What’s A Good Calabrian Pepper Substitute?

Calabrian peppers are packed with flavor – smoky, fruity, and even a touch salty. Its depth is part of its culinary charm. So, where do you turn when you need a Calabrian pepper substitute? Which chilies match well in terms of flavor? Which are your best options if heat alone is your only need? Let’s review your options.

Table of Contents

Your best fresh option: Fresno peppers

As flavor matches go, Fresno peppers are about as close as you can get to Calabrian chilies. They share a fruity, smoky flavor, like those Calabrians, but without the salty undertone.

The key difference between Calabrian and Fresno peppers is the overall spiciness. Fresno peppers range from 2,500 to 10,000 Scoville heat units (SHU) – a low-medium heat on par (just slightly hotter at its peak) to jalapeño peppers. Calabrian chilies range quite hotter, from 25,000 to 40,000 SHU, placing them solidly in the medium-heat range. You won’t get the same fiery punch with Fresnos, so if the heat is your sole consideration, consider the choice below.

Your top heat-only option: Cayenne peppers (fresh or dried)

Cayenne is your best bet if you need the heat of Calabrian peppers without any other flavor considerations. Cayenne clocks in at 30,000 to 50,000 SHU, just slightly hotter on average than Calabrian peppers, though there’s a lot of overlap here. The heat is comparable enough to deliver what you’d expect.

You won’t get much flavor, though. Fresh cayenne chilies have a neutral “peppery” taste, with little else behind them. Dried cayenne is even more neutral in overall flavor. So this is only valuable as a heat swap, but for many people, that’s plenty enough.

Your best dried alternative: Chipotle peppers

Chipotle peppers are dried smoked red jalapeño peppers. They have a delicious earthy and smoky sweetness (more smokiness than Calabrian chilies). If you’re looking for a dried Calabrian pepper substitute, chipotle is your best option.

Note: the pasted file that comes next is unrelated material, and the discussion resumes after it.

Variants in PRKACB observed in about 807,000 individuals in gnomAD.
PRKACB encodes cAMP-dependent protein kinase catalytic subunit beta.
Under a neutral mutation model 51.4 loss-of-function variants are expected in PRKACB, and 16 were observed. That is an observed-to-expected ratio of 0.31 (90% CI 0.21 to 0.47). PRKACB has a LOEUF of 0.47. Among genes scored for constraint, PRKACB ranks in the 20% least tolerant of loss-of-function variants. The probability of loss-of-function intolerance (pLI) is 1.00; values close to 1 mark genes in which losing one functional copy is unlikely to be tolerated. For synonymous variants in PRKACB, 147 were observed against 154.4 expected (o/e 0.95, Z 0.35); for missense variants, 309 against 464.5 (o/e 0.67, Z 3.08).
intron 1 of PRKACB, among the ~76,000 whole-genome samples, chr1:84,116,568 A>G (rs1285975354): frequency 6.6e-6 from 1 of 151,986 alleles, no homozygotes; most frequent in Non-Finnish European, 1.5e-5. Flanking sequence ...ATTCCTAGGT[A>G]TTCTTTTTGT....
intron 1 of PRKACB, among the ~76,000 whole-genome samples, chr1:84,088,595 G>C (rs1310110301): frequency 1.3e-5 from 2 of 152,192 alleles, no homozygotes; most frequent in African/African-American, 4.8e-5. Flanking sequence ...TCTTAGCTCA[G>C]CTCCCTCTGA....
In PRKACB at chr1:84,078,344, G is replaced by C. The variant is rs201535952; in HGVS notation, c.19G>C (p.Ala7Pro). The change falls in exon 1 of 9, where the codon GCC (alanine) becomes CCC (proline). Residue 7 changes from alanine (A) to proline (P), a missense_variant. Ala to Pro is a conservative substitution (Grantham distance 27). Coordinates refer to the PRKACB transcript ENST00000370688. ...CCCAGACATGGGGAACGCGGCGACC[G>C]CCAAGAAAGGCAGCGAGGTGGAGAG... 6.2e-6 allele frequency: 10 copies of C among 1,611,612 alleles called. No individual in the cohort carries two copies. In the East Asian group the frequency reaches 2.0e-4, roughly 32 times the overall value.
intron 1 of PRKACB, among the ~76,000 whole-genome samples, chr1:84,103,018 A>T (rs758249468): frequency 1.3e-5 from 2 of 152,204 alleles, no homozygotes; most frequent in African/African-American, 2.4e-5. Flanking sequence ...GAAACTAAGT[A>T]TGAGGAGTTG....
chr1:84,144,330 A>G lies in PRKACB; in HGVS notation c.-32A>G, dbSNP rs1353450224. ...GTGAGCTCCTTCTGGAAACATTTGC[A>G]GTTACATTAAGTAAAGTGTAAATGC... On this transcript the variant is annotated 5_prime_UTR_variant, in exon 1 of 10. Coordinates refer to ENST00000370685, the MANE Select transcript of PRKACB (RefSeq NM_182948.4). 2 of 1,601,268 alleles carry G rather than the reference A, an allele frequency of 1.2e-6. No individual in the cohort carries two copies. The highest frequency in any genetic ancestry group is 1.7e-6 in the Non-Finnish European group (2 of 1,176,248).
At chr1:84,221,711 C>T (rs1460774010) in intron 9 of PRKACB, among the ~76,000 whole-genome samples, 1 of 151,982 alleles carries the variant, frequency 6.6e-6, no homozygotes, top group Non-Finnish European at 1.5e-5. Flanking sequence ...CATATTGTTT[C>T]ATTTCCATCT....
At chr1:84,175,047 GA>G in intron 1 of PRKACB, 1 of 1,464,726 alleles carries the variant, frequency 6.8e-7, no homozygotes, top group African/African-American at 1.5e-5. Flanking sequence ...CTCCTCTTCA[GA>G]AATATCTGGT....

Again, the key difference here is the spiciness. Chipotle peppers are jalapeños, sharing the same low-medium Scoville heat range, 2,500 to 8,000 SHU. That’s at minimum three times milder than Calabrian chilies.

Your best heat-bump substitute: Habanero peppers

Habaneros are more tropical-sweet than fruity-sweet, but it’s close enough in flavor to work. Some habs also have a light amount of smokiness that provides additional depth. But the story here is the increase in spiciness. Habaneros run from 100,000 to 350,000 Scoville heat units – firmly in the extra-hot zones of chili peppers and, at minimum, three times hotter than Calabrian chilies.

Other good alternatives

Ancho chilies

Anchos are very mild, only 1,000 to 1,500 SHU, but these dried chilies have a tasty earthy sweetness that maps reasonably well to the unique flavor of Calabrian chilies.


Red jalapeños work better here than green. Green jalapeños have a bitter, grassy flavor, but when they mature to red, they lose much of that bitterness and take on a sweet taste. Of course, green jalapeños are easier to find in stores, but they are only recommended if you’re in a pinch.


Guajillo peppers are a popular dried chili pepper in Mexico. They have a deep, rich flavor with hints of berry and tea. While they’re not as smoky as Calabrian peppers, they have a ton of flavor depth. So if your interest is in the unique tastes of the Calabrian, you’ll want to explore the guajillo as well.

  • Our Hot Pepper List: Our list features over 150 different chilies. You can search by name, heat level, and flavor, so it’s easy to find options that will work as substitutes for Calabrian chili peppers even beyond those above.
  • Our Hot Sauce Rankings: Yes, some hot sauces, could work as substitutes. Search hot sauces by our rankings (flavor, heat balance, usability, collectibility) or by the chili pepper used.
  • Red Vs. Green Jalapeños: We mention the red jalapeño as an alternative here. Learn more how the green and red options compare.

UPDATE NOTICE: This post was updated on August 14, 2022 to include new content.
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